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Tracey v. Massachusetts Institute of Technology

United States District Court, D. Massachusetts

August 8, 2019

DAVID TRACEY, et al., Plaintiffs,
v.
MASSACHUSETTS INSTITUTE OF TECHNOLOGY, et al., Defendants.

          MEMORANDUM & ORDER

          Nathaniel M. Gorton, United States District Judge.

         This class action involves an alleged breach of fiduciary duty by Massachusetts Institute of Technology and related parties ("MIT" or "defendants") with respect to the supervision of MIT's employee-sponsored defined contribution plan under the Employee Retirement Income Security Act ("ERISA"), 29 U.S.C. § 1109. Plaintiffs are four current or former employees of MIT who participated in the subject retirement plan from August, 2010, to the date of judgment. The underlying claims, brought by the four named plaintiffs individually and on behalf of a class of similarly situated individuals, are for alleged excessive recordkeeping fees and imprudent investment lineups. The facts of this case are discussed in depth in this Court's Memorandum and Order allowing plaintiffs' motion to certify the class (Docket No. 157).

         In October, 2017, this Court entered a Memorandum and Order accepting the Magistrate Judge's Report and Recommendation to dismiss plaintiffs' claim for breach of the duty of loyalty, among other things. In May, 2019, more than a year after the deadline for filing amendments or supplements to the pleadings and less than two months before the deadline for filing of motions for summary judgment, plaintiffs filed a motion for leave to file a third amended complaint seeking to reassert the previously dismissed duty of loyalty claim. They contend that good cause exists for this late amendment because the information necessary to assert such a claim was in the sole possession of the defendants and was not made available until fact discovery was completed in March, 2019. Defendants respond that most (if not all) of the documents and depositions plaintiffs rely on in support of their theory for the duty of loyalty claim were available to them by the end of November, 2018, but plaintiffs nevertheless waited four more months before seeking leave to file a third amended complaint.[1]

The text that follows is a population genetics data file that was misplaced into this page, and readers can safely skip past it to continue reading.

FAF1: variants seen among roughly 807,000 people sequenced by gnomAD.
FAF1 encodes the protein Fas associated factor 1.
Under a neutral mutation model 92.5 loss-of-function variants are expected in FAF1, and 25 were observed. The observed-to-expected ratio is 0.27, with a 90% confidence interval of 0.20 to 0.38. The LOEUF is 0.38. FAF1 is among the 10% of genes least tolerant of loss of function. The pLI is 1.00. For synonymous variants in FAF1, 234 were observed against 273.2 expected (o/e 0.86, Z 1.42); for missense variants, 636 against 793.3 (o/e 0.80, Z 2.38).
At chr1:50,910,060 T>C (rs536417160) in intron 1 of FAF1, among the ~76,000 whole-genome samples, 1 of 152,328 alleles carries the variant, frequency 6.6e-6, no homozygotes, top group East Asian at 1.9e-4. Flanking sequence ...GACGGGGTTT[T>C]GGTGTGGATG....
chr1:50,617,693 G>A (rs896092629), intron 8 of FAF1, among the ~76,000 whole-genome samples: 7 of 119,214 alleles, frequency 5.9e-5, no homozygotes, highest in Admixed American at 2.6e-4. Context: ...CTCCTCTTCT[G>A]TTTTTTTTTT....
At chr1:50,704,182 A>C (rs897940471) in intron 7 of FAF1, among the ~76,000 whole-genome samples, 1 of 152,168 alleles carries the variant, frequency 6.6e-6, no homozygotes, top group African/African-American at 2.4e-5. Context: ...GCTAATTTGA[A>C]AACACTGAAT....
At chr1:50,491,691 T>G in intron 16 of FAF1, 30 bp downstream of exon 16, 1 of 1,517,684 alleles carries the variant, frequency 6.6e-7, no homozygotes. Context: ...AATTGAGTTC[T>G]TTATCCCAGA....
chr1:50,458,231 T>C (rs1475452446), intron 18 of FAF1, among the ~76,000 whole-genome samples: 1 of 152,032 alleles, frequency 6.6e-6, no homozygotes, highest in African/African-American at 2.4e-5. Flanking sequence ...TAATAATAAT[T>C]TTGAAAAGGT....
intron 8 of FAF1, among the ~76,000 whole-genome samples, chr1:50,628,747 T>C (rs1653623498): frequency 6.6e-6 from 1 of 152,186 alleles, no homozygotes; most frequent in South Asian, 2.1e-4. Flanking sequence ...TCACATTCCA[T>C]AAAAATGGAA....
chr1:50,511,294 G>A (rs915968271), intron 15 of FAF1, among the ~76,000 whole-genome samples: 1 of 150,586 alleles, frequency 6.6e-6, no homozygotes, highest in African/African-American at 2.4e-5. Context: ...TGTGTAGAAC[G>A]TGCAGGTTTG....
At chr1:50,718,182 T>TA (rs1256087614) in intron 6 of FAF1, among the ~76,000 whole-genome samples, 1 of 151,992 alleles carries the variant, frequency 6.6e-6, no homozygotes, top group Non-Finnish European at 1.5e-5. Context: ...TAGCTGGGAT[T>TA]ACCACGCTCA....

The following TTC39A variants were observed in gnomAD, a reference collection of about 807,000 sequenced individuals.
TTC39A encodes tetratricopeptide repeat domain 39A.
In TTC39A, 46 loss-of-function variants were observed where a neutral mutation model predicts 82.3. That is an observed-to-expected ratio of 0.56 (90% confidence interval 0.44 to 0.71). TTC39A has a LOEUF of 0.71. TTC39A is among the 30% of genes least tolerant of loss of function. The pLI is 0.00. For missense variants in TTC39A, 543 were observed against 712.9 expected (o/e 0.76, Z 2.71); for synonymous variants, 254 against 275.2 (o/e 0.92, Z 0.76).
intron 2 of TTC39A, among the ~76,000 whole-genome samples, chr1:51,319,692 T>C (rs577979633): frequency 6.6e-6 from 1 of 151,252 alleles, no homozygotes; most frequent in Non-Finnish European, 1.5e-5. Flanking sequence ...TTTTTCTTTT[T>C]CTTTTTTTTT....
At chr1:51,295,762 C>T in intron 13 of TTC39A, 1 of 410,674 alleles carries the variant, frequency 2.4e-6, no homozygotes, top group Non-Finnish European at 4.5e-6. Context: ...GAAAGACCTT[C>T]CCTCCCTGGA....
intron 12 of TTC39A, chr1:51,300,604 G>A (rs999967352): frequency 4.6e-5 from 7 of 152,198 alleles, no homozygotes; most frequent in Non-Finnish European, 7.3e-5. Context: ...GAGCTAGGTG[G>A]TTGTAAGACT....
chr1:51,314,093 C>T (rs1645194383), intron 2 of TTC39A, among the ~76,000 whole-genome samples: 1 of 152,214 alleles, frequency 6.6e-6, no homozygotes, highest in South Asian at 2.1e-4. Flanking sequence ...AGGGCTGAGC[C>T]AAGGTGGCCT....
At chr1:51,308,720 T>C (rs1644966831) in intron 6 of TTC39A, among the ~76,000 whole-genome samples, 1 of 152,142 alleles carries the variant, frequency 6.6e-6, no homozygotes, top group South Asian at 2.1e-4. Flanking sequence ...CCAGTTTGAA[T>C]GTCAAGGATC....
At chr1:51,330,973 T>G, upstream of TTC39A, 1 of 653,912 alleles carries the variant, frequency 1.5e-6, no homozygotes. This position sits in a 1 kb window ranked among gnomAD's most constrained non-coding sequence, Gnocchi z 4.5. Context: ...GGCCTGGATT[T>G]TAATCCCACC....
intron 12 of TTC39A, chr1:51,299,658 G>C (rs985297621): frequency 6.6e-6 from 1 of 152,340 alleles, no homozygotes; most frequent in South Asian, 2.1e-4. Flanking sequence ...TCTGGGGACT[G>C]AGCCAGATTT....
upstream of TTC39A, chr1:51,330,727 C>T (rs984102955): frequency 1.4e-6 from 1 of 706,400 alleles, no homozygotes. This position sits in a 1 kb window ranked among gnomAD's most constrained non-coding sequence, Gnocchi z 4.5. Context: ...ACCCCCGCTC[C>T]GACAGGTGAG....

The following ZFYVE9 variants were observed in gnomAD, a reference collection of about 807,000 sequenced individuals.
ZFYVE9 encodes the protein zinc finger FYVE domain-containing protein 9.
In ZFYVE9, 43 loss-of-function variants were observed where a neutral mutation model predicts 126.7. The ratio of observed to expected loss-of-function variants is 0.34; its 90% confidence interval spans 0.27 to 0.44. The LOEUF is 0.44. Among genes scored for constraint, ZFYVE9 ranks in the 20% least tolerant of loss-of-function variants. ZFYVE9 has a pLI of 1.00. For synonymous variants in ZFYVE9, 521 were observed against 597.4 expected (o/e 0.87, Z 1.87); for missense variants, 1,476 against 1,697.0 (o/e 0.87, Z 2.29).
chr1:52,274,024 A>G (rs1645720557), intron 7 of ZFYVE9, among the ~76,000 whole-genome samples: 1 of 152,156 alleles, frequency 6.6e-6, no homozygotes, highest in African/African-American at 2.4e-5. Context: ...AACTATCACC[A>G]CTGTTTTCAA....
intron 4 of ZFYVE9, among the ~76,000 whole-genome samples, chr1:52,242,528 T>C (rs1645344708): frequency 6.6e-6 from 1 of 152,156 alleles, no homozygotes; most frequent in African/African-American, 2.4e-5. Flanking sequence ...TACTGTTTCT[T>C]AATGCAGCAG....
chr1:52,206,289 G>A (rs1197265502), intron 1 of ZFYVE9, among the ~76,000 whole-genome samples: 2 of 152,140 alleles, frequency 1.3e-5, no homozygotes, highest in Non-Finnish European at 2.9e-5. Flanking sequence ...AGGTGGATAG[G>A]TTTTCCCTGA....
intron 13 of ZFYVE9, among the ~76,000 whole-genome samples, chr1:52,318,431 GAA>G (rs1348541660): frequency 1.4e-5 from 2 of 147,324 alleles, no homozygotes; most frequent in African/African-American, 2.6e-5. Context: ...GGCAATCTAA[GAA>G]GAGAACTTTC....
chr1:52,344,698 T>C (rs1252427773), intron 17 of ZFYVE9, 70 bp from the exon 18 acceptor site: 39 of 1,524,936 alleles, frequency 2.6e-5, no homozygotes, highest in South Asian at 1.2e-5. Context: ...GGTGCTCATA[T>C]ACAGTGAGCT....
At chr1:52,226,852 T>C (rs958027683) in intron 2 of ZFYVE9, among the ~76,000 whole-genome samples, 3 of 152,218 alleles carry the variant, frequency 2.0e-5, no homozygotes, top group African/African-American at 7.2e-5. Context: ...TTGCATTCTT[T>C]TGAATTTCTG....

The "good cause" standard of Fed.R.Civ.P. 16 (b) applies to motions to amend that are filed after scheduling order deadlines. O'Connell v. Hyatt Hotels of P.R., 357 F.3d 152, 154- 55 (1st Cir. 2004). The standard under Rule 16(b) has been described as more stringent than the more liberal "freely given" standard of Fed.R.Civ.P. 15 (a). See id. at 154; see also Steir v. Girl Scouts of the USA, 383 F.3d 7, 12 (1st Cir. 2004). The Rule 16 (b) standard focuses on the diligence of the party seeking the amendment. O'Connell, 357 F.3d at 155 ("Prejudice to the opposing party remains relevant but is not the dominant criterion."); see also Steir, 383 F.3d at 12 (" [T]he longer a plaintiff delays, the more likely the motion to amend will be denied, as protracted delay, with its attendant burdens on the opponent and the court, is itself a sufficient reason for the court to withhold permission to amend." (citing Acosta-Mestre v. Hilton Int'l of P.R., Inc., 156 F.3d 49, 52-53 (1st Cir. 1998))).

         Plaintiffs were apparently in possession of most of the documents and deposition testimony needed for their duty of loyalty claim before the end of November, 2018. Nevertheless, plaintiffs waited several more months before filing their motion to amend. Although plaintiffs did not take the deposition of Michael Howard until March, 2019, they were aware of enough colorable evidence to assert their purported claim for breach of the duty of loyalty before that time. Plaintiffs have not, therefore, demonstrated good cause for their failure to seek diligently an amendment to their complaint once they were in possession of the relevant evidence.

         Moreover, plaintiffs' attempt to assert a new legal theory at this late juncture (approximately 45 days before the filing of motions for summary judgment) is unduly prejudicial to defendants who would be required to rebut an additional legal theory without the opportunity to develop additional facts in their defense. Even if the duty of loyalty claim depends solely on facts already discovered, such that no additional discovery is required, it is fundamentally unfair to require defendants to adjust their defense strategy hard upon the deadline for filing of dispositive motions (and now just before trial). See Steir, 383 F.3d at 12-13.

         Accordingly, plaintiffs' motion for leave to file a third amended complaint will be denied.

         ORDER

         For the foregoing reasons, plaintiffs' motion for leave to file a third amended complaint (Docket No. 193) is DENIED.

         So ordered.

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Notes:

[1] Although the motion for leave to file a third amended complaint was formally filed in late May, 2019, the parties have agreed to treat the motion as having been filed in March, 2019, because of a stay of pretrial ...


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